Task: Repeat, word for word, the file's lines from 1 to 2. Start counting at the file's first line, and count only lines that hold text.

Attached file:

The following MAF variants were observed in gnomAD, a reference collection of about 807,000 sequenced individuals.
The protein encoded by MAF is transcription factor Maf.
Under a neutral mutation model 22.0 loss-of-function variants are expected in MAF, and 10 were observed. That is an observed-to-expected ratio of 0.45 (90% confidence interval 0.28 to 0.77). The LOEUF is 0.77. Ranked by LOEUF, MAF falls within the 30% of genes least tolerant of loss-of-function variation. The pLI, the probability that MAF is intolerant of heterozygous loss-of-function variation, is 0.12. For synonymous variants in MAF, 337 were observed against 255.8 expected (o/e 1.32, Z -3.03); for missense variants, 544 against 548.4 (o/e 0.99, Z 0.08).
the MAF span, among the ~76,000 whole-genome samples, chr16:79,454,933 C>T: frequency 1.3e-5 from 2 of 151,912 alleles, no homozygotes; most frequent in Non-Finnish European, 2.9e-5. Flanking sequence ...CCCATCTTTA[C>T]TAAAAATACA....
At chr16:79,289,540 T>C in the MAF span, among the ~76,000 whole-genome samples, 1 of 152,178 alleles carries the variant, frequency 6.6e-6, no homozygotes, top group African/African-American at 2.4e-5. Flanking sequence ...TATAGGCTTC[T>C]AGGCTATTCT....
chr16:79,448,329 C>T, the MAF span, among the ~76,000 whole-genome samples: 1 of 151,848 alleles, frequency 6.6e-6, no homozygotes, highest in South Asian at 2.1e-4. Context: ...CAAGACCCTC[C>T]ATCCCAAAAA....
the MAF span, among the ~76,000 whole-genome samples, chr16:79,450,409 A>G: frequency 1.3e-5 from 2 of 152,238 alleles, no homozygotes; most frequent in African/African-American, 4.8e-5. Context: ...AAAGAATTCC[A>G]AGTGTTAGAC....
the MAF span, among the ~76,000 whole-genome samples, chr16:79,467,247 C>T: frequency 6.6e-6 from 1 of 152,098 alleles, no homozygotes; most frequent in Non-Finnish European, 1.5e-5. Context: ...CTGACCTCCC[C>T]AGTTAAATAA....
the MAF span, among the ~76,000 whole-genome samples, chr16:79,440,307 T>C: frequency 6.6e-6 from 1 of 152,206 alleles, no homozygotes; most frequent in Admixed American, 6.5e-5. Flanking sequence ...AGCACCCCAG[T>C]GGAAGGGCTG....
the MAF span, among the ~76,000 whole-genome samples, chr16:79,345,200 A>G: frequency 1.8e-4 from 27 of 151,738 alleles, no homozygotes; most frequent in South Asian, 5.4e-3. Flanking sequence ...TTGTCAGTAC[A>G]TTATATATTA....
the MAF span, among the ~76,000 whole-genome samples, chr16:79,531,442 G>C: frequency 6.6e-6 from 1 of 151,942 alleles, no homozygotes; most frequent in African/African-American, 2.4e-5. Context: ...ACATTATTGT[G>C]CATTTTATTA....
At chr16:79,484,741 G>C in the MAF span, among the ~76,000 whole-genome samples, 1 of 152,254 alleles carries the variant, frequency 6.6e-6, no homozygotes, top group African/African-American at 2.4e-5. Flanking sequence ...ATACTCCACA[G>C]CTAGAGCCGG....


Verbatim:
The following MAF variants were observed in gnomAD, a reference collection of about 807,000 sequenced individuals.
The protein encoded by MAF is transcription factor Maf.